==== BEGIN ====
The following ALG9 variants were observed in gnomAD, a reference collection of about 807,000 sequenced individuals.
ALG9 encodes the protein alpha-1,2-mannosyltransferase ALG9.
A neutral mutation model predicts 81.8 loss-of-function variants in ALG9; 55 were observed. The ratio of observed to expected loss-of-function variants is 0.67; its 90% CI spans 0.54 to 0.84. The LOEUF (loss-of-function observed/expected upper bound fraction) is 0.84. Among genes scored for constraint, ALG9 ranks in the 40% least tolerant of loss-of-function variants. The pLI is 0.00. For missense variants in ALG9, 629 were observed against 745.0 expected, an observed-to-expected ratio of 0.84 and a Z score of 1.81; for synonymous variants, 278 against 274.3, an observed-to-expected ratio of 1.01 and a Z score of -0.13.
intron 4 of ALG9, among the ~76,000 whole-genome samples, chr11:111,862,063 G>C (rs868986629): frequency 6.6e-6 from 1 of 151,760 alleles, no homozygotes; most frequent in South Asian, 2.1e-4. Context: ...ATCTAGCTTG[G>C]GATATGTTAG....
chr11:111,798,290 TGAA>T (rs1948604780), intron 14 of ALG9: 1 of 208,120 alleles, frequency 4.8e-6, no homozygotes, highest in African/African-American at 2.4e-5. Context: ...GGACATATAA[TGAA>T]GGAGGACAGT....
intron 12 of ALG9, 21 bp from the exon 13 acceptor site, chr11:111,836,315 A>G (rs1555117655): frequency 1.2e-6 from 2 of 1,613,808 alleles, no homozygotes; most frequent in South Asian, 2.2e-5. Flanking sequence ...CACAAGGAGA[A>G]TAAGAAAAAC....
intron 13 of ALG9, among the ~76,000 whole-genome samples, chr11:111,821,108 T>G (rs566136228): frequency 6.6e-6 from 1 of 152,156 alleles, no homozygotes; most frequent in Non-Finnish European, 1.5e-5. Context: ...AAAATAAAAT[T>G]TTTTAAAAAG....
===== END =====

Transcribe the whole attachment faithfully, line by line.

The following ALG9 variants were observed in gnomAD, a reference collection of about 807,000 sequenced individuals.
ALG9 encodes the protein alpha-1,2-mannosyltransferase ALG9.
A neutral mutation model predicts 81.8 loss-of-function variants in ALG9; 55 were observed. The ratio of observed to expected loss-of-function variants is 0.67; its 90% CI spans 0.54 to 0.84. The LOEUF (loss-of-function observed/expected upper bound fraction) is 0.84. Among genes scored for constraint, ALG9 ranks in the 40% least tolerant of loss-of-function variants. The pLI is 0.00. For missense variants in ALG9, 629 were observed against 745.0 expected, an observed-to-expected ratio of 0.84 and a Z score of 1.81; for synonymous variants, 278 against 274.3, an observed-to-expected ratio of 1.01 and a Z score of -0.13.
intron 4 of ALG9, among the ~76,000 whole-genome samples, chr11:111,862,063 G>C (rs868986629): frequency 6.6e-6 from 1 of 151,760 alleles, no homozygotes; most frequent in South Asian, 2.1e-4. Context: ...ATCTAGCTTG[G>C]GATATGTTAG....
chr11:111,798,290 TGAA>T (rs1948604780), intron 14 of ALG9: 1 of 208,120 alleles, frequency 4.8e-6, no homozygotes, highest in African/African-American at 2.4e-5. Context: ...GGACATATAA[TGAA>T]GGAGGACAGT....
intron 12 of ALG9, 21 bp from the exon 13 acceptor site, chr11:111,836,315 A>G (rs1555117655): frequency 1.2e-6 from 2 of 1,613,808 alleles, no homozygotes; most frequent in South Asian, 2.2e-5. Flanking sequence ...CACAAGGAGA[A>G]TAAGAAAAAC....
intron 13 of ALG9, among the ~76,000 whole-genome samples, chr11:111,821,108 T>G (rs566136228): frequency 6.6e-6 from 1 of 152,156 alleles, no homozygotes; most frequent in Non-Finnish European, 1.5e-5. Context: ...AAAATAAAAT[T>G]TTTTAAAAAG....